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S18126, a potent, selective and competitive antagonist at dopamine D4 receptors: an in vitro and in vivo comparison with L 745,870 and raclopride. PDF

Millan MJ, Newman-Tancredi A, Brocco M, Gobert A, Lejeune F, Audinot V, Rivet JM, Schreiber R, Dekeyne A, Spedding M, Nicolas JP, Peglion JL.
J Pharmacol Exp Ther. 1998 Oct;287(1):167-86.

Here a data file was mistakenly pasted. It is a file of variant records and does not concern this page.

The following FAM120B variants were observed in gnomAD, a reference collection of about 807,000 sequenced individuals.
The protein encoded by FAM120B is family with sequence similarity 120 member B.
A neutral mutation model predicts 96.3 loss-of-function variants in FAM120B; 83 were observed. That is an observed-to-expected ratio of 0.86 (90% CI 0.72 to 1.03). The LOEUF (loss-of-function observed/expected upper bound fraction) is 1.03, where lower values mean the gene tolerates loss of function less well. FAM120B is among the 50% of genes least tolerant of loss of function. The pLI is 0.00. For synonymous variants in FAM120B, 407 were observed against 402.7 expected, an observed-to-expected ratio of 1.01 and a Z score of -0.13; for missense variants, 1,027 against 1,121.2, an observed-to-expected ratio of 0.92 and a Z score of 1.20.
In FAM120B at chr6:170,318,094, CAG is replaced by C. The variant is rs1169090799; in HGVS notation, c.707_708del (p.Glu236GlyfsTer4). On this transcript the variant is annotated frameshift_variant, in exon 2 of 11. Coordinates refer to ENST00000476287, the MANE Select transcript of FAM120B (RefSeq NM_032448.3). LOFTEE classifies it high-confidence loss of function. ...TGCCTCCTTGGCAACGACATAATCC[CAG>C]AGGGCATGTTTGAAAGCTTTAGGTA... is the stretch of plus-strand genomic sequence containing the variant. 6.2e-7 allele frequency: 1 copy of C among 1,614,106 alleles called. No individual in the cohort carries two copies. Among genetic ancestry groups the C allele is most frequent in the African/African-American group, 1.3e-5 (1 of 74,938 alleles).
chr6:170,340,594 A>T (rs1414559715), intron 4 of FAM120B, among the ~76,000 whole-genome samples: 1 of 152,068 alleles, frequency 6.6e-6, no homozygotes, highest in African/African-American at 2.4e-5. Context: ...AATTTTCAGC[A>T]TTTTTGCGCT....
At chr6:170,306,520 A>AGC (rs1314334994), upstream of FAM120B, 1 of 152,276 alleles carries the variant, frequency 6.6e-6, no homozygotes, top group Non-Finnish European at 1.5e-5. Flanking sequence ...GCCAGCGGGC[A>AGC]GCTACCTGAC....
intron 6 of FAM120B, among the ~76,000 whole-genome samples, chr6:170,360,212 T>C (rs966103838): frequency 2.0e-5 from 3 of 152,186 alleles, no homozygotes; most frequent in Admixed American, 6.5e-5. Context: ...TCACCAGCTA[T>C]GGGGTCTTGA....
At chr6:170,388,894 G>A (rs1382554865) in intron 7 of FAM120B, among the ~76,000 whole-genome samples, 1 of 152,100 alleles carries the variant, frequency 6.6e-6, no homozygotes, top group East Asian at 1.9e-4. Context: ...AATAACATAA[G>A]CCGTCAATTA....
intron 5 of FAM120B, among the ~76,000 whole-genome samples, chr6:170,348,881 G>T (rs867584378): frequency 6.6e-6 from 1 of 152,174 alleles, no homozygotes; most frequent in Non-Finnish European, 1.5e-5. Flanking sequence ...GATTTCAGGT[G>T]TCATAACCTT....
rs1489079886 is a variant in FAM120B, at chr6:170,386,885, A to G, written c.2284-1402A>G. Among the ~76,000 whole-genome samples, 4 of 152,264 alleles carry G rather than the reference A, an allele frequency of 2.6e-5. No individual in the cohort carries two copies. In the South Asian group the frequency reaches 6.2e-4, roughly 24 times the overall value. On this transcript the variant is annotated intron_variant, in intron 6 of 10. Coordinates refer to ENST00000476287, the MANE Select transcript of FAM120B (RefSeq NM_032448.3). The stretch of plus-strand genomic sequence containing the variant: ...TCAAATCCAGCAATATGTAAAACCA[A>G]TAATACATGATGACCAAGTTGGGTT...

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The novel benzoindane S18126 possessed > 100-fold higher affinity at cloned, human (h) D4 (Ki = 2.4 nM) vs. hD2 (738 nM), hD3 (2840 nM), hD1 (> 3000 nM) and hD5 (> 3000 nM) receptors and about 50 other sites, except sigma1 receptors (1.6 nM). L745,870 similarly showed selectivity for hD4 (2.5 nM) vs. hD2 (905 nM) and hD3 (> 3000 nM) receptors. In contrast, raclopride displayed low affinity at hD4 (> 3000 nM) vs. hD2 (1.1 nM) and hD3 receptors (1.4 nM). Stimulation of [35S]-GTPgammaS binding at hD4 receptors by dopamine (DA) was blocked by S18126 and L745,870 with Kb values of 2.2 and 1.0 nM, respectively, whereas raclopride (> 1000 nM) was inactive. In contrast, raclopride inhibited stimulation of [35S]-GTPgammaS binding at hD2 sites by DA with a Kb of 1.4 nM, whereas S18126 (> 1000 nM) and L745,870 (> 1000 nM) were inactive. As concerns presynaptic dopaminergic receptors, raclopride (0.01-0.05 mg/kg s.c. ) markedly enhanced DA synthesis in mesocortical, mesolimbic and nigrostriatal dopaminergic pathways. In contrast, even high doses (2.5-40.0 mg/kg s.c.) of S18126 and L745,870 were only weakly active. Similarly, raclopride (0.016 mg/kg i.v.) abolished inhibition of the firing rate of ventrotegmental dopaminergic neurons by apomorphine, whereas even high doses (0.5 mg/kg i.v.) of S18126 and L745,870 were only weakly active. As regards postsynaptic dopaminergic receptors, raclopride potently (0.01-0.3 mg/kg s.c.) reduced rotation elicited by quinpirole in rats with unilateral lesions of the substantia nigra, antagonized induction of hypothermia by PD128,907, blocked amphetamine-induced hyperlocomotion and was effective in six further models of potential antipsychotic activity. In contrast, S18126 and L745,870 were only weakly active in these models (5.0-> 40.0 mg/kg s.c.). In six models of extrapyramidal and motor symptoms, such as induction of catalepsy, raclopride was likewise potently active (0.01-2.0 mg/kg s.c.) whereas S18126 and L745,870 were only weakly active (10.0-80.0 mg/kg s.c.). In freely moving rats, raclopride (0.16 mg/kg s.c.) increased levels of DA by + 55% in dialysates of the frontal cortex. However, it also increased levels of DA in the accumbens and striatum by 70% and 75%, respectively. In contrast to raclopride, at a dose of 0.16 mg/kg s.c. , neither S18126 nor L745,870 modified frontal cortex levels of DA. However, at a high dose (40.0 mg/kg s.c.), S18126 increased dialysate levels of DA (+ 85%) and noradrenaline (+ 100%), but not serotonin (+ 10%), in frontal cortex without affecting DA levels in accumbens (+ 10%) and striatum (+ 10%). In conclusion, S18126 and L745,870 behave as potent and selective antagonists of cloned, hD4 vs. other dopaminergic receptor types in vitro. However, their in vivo effects at high doses probably reflect residual antagonist actions at D2 (or D3) receptors. Selective blockade of D4 receptors was thus associated neither with a modification of dopaminergic transmission nor with antipsychotic (antiproductive) or extrapyramidal properties. The functional effects of selective D4 receptor blockade remain to be established.